This book follows Parabatai Emma Carstairs and Julian Blackthorn as they embark on a mission to find the murderer of Emma’s parents. But there quest becomes entangled with finding the killer of mundanes and faeries, whose bodies have the same markings as her parents. The path to the murderer will be dangerous and scary, coming at a brutal price.

In this new tale of the Shadowhunter world, Clare delves deeper into the bond of the parabatai, which I feel was a really interesting part of the book. I know she had already done this in The Infernal Devices series but I felt in Lady Midnight it was in much more depth, showing how it affects the people who chose to share the bond. Its much what people wish for; an eternally loyal best friend. I enjoyed watching how Emma and Julian’s relationship evolved throughout the book and how the Parabatai bond can actually not be as perfect as the Shadowhunter’s believe.

I have grown very used to Clare’s style of writing and so it was an extremely enjoyable read with many twists and turns. She switches from many different perspectives, creating tension between the dramatic events, making you not want to put it down. I feel it was especially important within this book as it tells you how each character responds to the danger of the killer and how they respond to each other, especially the two Parabatai – like how they are able to keep secrets from each other despite the strong bond their share, proving that they are both individual to themselves not led by the bond they share.

One particular part of this book that I feel sets it apart is the way in which the present the familial bond of the Blackthorns. As seen in the last mortal instruments book (City of Heavenly Fire), two of the Blackthorn children are half-fae and it’s interesting to watch how this may cause shifts in the families outlook on Shadowhunters. Clare addresses the theme of racial prejudices in how she represents the Shadowhunters hatred of all fae, just because some of them were involved in Sebastian’s plot, and I feel its quite relatable to reality because of how some groups are judged by the acts of a few, and it’s important that this doesn’t happen.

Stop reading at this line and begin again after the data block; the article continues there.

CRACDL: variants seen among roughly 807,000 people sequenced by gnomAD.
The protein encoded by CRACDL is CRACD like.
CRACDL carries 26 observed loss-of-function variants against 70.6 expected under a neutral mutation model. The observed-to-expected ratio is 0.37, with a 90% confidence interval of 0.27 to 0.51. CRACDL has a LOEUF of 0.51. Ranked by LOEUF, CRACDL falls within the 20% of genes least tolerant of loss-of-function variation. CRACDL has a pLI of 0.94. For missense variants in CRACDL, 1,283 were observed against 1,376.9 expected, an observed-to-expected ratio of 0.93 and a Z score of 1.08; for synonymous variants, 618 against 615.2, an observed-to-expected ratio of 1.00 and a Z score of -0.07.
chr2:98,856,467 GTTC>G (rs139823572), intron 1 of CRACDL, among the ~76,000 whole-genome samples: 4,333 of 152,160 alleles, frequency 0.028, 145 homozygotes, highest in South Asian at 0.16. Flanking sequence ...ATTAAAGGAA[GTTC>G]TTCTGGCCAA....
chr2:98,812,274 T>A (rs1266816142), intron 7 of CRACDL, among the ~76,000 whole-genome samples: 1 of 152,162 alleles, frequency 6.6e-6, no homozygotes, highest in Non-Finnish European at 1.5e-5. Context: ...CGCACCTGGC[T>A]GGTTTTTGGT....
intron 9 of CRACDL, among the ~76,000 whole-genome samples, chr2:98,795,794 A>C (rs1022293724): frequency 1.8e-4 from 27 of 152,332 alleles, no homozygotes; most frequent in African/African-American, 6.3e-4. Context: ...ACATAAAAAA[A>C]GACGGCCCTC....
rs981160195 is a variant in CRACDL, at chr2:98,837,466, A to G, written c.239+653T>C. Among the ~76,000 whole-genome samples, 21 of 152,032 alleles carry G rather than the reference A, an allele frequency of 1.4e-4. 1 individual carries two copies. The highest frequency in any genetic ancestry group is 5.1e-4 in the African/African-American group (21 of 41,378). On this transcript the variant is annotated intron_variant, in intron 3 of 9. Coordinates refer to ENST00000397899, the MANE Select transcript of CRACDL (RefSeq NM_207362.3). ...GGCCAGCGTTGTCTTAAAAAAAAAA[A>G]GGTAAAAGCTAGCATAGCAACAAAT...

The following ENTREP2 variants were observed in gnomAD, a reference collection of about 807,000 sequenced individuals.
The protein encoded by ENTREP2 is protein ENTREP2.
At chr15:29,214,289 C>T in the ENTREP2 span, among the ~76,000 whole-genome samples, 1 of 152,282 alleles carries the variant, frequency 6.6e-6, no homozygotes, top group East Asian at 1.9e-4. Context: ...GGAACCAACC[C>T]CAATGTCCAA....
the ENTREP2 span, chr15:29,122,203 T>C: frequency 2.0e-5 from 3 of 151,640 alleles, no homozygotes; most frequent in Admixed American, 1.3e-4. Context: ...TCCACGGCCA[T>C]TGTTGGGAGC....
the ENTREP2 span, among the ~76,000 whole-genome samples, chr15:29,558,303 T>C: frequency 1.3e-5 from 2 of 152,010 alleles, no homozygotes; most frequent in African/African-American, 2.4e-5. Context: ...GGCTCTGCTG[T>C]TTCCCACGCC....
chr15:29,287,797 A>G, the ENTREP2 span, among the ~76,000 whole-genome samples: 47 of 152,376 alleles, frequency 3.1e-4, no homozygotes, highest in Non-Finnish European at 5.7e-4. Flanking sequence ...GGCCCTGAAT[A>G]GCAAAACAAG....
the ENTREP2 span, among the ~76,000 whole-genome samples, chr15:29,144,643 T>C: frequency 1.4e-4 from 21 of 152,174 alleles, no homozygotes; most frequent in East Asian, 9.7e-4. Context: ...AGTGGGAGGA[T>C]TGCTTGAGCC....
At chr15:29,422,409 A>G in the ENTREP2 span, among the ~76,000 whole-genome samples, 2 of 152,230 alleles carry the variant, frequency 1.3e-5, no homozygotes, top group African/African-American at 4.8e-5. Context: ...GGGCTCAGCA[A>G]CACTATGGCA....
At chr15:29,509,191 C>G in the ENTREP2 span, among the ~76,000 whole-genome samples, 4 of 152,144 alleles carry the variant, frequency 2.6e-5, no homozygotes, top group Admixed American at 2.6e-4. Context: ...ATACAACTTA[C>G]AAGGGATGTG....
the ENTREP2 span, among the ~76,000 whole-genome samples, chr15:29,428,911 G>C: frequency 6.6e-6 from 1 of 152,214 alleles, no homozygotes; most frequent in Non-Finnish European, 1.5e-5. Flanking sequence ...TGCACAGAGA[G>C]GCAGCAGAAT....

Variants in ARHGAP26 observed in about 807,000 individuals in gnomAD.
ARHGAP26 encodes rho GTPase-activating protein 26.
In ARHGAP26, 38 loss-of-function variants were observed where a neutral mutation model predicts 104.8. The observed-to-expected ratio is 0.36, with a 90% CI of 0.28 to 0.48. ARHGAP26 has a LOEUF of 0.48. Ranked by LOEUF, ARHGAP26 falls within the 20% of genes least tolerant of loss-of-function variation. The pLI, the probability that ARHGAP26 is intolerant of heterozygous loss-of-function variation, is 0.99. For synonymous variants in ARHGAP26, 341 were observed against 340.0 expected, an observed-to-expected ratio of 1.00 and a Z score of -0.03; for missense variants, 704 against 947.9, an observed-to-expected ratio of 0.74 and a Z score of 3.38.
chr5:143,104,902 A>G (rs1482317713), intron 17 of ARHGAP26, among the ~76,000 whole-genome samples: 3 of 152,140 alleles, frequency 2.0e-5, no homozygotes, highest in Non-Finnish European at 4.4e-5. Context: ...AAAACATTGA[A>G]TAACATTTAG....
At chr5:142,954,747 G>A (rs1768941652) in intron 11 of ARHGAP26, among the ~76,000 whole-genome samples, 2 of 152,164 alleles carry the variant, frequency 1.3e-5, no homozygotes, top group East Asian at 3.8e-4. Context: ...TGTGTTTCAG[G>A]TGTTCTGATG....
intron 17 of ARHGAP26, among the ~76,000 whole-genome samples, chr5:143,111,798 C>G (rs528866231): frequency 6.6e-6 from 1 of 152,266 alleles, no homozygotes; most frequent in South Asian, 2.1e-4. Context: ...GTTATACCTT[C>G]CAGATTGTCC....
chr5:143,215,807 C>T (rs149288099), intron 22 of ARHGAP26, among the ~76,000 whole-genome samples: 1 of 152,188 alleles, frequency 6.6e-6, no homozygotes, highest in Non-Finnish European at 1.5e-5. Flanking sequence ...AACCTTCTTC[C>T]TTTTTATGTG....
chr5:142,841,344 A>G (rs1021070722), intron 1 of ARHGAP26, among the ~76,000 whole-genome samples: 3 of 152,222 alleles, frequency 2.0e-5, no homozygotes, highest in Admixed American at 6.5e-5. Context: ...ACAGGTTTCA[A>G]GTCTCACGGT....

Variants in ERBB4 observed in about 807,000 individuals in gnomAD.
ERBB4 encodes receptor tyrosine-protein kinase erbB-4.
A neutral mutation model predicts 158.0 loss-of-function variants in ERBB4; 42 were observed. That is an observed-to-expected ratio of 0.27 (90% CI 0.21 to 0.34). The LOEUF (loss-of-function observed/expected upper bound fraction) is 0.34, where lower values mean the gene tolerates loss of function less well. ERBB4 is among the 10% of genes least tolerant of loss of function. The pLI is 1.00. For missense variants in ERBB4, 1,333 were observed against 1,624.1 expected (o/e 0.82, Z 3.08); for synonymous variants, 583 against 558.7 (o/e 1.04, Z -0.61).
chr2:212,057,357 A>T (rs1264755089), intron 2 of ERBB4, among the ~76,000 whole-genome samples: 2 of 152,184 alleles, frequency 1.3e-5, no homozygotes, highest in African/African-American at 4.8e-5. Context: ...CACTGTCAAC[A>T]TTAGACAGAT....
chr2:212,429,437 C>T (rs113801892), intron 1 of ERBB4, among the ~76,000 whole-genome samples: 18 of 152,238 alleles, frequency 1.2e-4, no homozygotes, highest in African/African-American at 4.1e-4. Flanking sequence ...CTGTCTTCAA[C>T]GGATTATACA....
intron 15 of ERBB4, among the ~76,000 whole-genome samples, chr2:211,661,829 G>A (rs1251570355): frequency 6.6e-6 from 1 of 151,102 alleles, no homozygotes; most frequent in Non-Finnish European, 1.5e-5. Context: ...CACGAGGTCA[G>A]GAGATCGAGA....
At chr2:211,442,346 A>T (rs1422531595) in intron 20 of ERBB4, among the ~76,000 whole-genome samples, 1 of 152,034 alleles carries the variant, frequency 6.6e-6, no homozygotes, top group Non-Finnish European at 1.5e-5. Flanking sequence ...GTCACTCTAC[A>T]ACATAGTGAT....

Another part that I loved was seeing other characters from the Shadowhunter franchises, but in particular Jem and Tessa. The Infernal Devices is probably my favourite stories and it was great how Clare integrated them into the story. Emma, being a Carstairs, is part of Jem’s family and it was nice to see him trying to protect Emma and make sure she’s safe. I hope to see more of them in the next books.

I think Lady Midnight is probably one of my favourite Cassandra Clare books as it holds the perfect blend of drama, tragedy, magic and humour. I particularly loved the fact it held much more of a fantasy feel with more dominance of the fae side and how their world is different to ours. I would recommend that you read the previous books – The mortal Instruments, The Infernal Devices and The Tales of Shadowhunter Academy – as this book holds some references that you may not understand otherwise.


No. of pages – 669

Publication date – 8th March, 2016.

Rating – 5/5 stars

Quote – “That’s not the spirit of the law, Emma. Remember? The Law is hard, but it is the Law.”
“I thought it was ‘the Law is annoying, but it is also flexible.”

“Bad time to be a llama.”
“Is there ever a good time, really?”

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